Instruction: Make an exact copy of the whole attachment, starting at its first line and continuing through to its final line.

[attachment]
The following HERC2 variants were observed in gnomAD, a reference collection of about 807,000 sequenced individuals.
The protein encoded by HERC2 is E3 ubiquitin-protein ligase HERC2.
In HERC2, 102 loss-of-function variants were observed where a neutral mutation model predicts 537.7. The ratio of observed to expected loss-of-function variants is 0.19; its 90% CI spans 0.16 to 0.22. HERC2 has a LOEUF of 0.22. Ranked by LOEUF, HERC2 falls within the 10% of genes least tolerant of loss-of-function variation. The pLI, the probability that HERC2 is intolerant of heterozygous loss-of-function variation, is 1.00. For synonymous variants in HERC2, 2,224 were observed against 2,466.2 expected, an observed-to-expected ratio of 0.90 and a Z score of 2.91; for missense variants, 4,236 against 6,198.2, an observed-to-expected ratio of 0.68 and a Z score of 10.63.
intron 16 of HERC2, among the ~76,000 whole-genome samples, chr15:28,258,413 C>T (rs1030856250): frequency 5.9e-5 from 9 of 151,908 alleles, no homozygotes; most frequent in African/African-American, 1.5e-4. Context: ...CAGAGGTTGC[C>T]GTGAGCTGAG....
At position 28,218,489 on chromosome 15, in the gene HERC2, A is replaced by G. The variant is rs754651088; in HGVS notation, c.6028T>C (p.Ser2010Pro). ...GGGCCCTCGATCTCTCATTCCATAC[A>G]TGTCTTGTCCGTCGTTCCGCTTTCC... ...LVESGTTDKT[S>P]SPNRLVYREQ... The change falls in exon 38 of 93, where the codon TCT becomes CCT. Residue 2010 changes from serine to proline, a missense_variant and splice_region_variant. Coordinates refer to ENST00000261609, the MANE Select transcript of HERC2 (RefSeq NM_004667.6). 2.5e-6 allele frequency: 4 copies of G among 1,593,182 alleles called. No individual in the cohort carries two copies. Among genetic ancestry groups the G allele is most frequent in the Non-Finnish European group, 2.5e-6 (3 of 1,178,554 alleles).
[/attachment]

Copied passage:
The following HERC2 variants were observed in gnomAD, a reference collection of about 807,000 sequenced individuals.
The protein encoded by HERC2 is E3 ubiquitin-protein ligase HERC2.
In HERC2, 102 loss-of-function variants were observed where a neutral mutation model predicts 537.7. The ratio of observed to expected loss-of-function variants is 0.19; its 90% CI spans 0.16 to 0.22. HERC2 has a LOEUF of 0.22. Ranked by LOEUF, HERC2 falls within the 10% of genes least tolerant of loss-of-function variation. The pLI, the probability that HERC2 is intolerant of heterozygous loss-of-function variation, is 1.00. For synonymous variants in HERC2, 2,224 were observed against 2,466.2 expected, an observed-to-expected ratio of 0.90 and a Z score of 2.91; for missense variants, 4,236 against 6,198.2, an observed-to-expected ratio of 0.68 and a Z score of 10.63.
intron 16 of HERC2, among the ~76,000 whole-genome samples, chr15:28,258,413 C>T (rs1030856250): frequency 5.9e-5 from 9 of 151,908 alleles, no homozygotes; most frequent in African/African-American, 1.5e-4. Context: ...CAGAGGTTGC[C>T]GTGAGCTGAG....
At position 28,218,489 on chromosome 15, in the gene HERC2, A is replaced by G. The variant is rs754651088; in HGVS notation, c.6028T>C (p.Ser2010Pro). ...GGGCCCTCGATCTCTCATTCCATAC[A>G]TGTCTTGTCCGTCGTTCCGCTTTCC... ...LVESGTTDKT[S>P]SPNRLVYREQ... The change falls in exon 38 of 93, where the codon TCT becomes CCT. Residue 2010 changes from serine to proline, a missense_variant and splice_region_variant. Coordinates refer to ENST00000261609, the MANE Select transcript of HERC2 (RefSeq NM_004667.6). 2.5e-6 allele frequency: 4 copies of G among 1,593,182 alleles called. No individual in the cohort carries two copies. Among genetic ancestry groups the G allele is most frequent in the Non-Finnish European group, 2.5e-6 (3 of 1,178,554 alleles).